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(Being a series of quick game notes trying to account for the events of many sessions of playing through The Enemy Within using the Warhammer Fantasy Roleplay 1e rules.)

Session 29

Death on the Reik
Carrion up the Reik

  • Wilhelm [Wizard] – I 55
  • Wilfried [Forger] – I 53
  • Larry [Mercenary] – I 48
  • Gottlieb [Bounty Hunter] – I 43

With the immediate threat taken care of, but the squeaking of many more skaven coming up the tunnels and the explosions of sapper charges taking out the foundations of the castle, Martin opened the lead case and tried to grab the massive glowing stone within. There was a horrible burning smell and everything was suddenly rimed with greenish frost as Martin’s chest was melting beneath the stone, his arms warping and distending, stretching as he held on to the raw warpstone while he pulled his body away from it. For a moment they seemed to be tentacles before returning to almost normal, but the warping continued and writhed up his body until a strange “crown” of thumbs (with thumbnails and everything) grew out of his head. [Fate was spent in large quantities rerolling mutations, but in the end he was stuck with this foul curse.]

Wilfried and Wilhelm bolted for the stairs and made their way down to the watergate as fast as possible while stonework fell down the stairs behind them. Meanwhile, Larry and Gottlieb worked together to pull the lead case up and out of the tunnel.

The sapping of the skaven was taking its toll as huge sections of the castle base came crashing down into the Reik below. The ceiling in the chamber came down, revealing the interior of half of the shrine of Tzeentch above. With an incredible series of feats of strength and control, Larry almost single-handedly hauled the massive casket out of the hole, into the shrine, and then rode it down into the river as the whole place came tumbling down. In the end they did not recover the case and the warpstone – but they know exactly where it is buried under a few tons of stone in the muddy bottom of the Reik – a place where the skaven’s obvious plans to dig it out from beneath will be nigh impossible.

Meanwhile, Wilfried and Wilhelm recovered the Bawdy Countess – now repainted and renamed the Countess Wittgenstein and loaded up with wines and cheeses and a suitable “care package” to be taken to Gotthard von Wittgenstein who is supposedly up to no good with a Slaaneshi cult in Middenheim.

Escaping with the boat and picking up Larry and Gottlieb, they allowed the river to take their damaged but temporarily patched boat downstream to Kemperbad where they put in for repairs and to talk through what had happened and decide what needed to be done next.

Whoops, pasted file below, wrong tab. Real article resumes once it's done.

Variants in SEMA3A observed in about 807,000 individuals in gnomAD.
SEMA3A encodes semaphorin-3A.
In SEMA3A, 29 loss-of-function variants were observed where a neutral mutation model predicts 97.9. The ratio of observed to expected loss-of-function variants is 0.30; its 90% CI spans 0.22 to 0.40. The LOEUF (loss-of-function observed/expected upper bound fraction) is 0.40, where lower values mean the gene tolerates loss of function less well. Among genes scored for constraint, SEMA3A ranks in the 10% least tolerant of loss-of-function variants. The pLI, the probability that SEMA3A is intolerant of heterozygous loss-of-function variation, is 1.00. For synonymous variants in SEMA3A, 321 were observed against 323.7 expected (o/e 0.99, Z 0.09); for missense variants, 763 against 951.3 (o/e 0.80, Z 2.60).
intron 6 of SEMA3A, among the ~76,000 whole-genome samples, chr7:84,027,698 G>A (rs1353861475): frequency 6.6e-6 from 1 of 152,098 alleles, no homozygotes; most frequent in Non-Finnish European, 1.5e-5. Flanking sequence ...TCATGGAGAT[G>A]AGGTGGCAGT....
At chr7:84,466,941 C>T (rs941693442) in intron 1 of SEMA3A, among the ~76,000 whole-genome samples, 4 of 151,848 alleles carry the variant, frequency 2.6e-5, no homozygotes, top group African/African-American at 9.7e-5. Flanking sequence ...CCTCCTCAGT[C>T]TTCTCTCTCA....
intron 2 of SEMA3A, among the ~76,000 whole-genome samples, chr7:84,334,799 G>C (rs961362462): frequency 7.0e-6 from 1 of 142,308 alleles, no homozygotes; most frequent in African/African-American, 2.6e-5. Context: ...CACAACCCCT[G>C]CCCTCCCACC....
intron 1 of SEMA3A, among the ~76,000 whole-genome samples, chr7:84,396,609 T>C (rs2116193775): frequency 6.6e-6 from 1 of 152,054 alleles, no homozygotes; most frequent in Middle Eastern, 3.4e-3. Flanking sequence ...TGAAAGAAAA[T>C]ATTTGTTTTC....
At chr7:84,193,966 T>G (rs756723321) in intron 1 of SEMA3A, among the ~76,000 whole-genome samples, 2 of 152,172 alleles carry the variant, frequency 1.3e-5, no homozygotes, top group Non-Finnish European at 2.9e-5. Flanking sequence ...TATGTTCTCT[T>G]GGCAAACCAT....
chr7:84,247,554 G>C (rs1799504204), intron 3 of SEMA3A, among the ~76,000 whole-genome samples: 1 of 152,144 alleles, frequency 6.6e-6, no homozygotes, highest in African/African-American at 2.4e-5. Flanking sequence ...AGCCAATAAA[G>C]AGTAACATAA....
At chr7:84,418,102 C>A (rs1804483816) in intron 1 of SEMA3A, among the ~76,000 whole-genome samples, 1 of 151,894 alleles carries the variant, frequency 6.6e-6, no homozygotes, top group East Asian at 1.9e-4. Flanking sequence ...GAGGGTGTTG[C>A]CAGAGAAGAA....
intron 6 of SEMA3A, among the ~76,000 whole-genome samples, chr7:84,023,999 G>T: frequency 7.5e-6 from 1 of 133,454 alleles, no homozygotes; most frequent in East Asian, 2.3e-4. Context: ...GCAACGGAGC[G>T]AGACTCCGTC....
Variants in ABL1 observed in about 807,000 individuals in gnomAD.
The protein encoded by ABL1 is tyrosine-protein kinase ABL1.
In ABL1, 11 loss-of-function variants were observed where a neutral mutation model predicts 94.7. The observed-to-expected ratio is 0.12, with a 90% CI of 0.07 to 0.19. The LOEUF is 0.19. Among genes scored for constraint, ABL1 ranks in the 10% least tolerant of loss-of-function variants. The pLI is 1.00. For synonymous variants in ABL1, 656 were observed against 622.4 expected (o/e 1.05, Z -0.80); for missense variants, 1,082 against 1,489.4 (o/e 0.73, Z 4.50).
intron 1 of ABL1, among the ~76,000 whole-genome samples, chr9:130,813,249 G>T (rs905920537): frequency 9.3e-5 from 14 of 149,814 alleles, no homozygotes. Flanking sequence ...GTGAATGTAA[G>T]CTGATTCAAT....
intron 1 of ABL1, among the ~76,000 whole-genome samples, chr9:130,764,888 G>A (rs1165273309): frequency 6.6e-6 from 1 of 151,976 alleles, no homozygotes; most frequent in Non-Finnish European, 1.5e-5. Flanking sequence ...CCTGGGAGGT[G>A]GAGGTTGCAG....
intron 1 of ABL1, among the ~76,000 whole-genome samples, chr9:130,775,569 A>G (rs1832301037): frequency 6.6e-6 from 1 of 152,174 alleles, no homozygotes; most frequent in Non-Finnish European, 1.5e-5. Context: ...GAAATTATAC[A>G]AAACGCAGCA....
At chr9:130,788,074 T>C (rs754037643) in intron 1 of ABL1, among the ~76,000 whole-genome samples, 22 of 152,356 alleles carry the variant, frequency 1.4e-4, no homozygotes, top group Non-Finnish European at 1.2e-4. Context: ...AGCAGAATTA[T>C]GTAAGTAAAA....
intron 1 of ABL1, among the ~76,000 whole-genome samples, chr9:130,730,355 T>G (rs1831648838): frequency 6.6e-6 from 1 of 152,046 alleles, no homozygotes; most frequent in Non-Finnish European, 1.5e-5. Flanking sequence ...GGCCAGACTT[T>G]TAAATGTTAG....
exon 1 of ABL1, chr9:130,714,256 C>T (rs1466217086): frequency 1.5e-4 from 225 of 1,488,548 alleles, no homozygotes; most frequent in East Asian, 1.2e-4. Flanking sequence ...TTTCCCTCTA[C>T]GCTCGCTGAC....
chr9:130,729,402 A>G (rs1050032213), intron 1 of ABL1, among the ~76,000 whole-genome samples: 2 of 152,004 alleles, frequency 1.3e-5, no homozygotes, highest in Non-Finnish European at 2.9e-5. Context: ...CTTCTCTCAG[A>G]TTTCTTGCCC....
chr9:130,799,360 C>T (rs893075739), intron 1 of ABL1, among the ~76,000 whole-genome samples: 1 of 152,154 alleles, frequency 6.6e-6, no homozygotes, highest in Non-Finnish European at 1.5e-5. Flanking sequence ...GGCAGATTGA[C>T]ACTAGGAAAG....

In Kemperbad repairs were undertaken, and they are hired on by Matthias Blucher of the Blucher mercantile family – one of the more powerful and influential merchant families in the region. He buys their existing cargo and wants them to deliver a full load of Cathayware to Marienburg – well away from the current excitement.

With a copy of the shipping contract in hand, Wilfried forges an alternate copy with the goal of either destroying or stealing the original copy that the Bluchers keep so they can take the wares north to Middenheim instead of all the way to Marienburg (and also provide themselves with some nice extra coverage along the way).

The next day the Countess is moored in the Blucher docks, is unloaded, and waits empty for the late Cathayware. As they wait for the wares to trickle in they are invited to Herr Blucher’s wedding anniversary party. Only a few go to the party, where they hide off to the side and engage in conversation with Rudolf Meier who seems less than happy to be here himself. He complains about the state of the business these days and places the blame for his own failed company on this very marriage.

“Look at them – Herr and Frau Blucher on this happy occasion, like Bretonnian cheese wouldn’t melt in their hands. Cut-throats, both of them. I lost my livelihood because of that marriage; as soon as the rings were on, cheap Bretonnian wine started flowing into Nuln as if a dam had burst. I tell you the Bluchers and the Steinhagers…”

“Yes, Karoline Steinhager, of the Bogenhafen Steinhagers. Probably the best business deal the Bluchers ever did!”

But during the loading of the Countess, someone drops an oil lantern into an improperly closed crate of cheap Cathayware – and the straw packing material is immediately alight and a wild fire starts taking over below deck. Fast thinking and a magical sword (oh, the dwarves and Sigmarites had better never hear of the day Barrakul was used as part of a makeshift sprinkler system) stopped the fire before it spread far, but both the floor and especially the ceiling of the cargo space was severely burned and will need to be replaced before the Countess travels again.

Fortunately, that’s all covered as part of the Blucher shipping contract. And in compensation for the month or two that the Countess will be in dry dock, Blucher has another smaller contract he can offer them – normally a job he’d give to a trusted family aide, but since he felt partly responsible for the party’s problems and their financial well-being…

There’s a case he needs brought to Middenheim. A small hundred pound crate and a letter (both well-sealed with wax and family seals) to be delivered to Herr Scharlach of Middenheim. And he’s willing to pay the party 300 crowns to deliver it, and encourages them to enjoy the festival at the time instead of rushing back, so there is time to finish repairing their poor boat.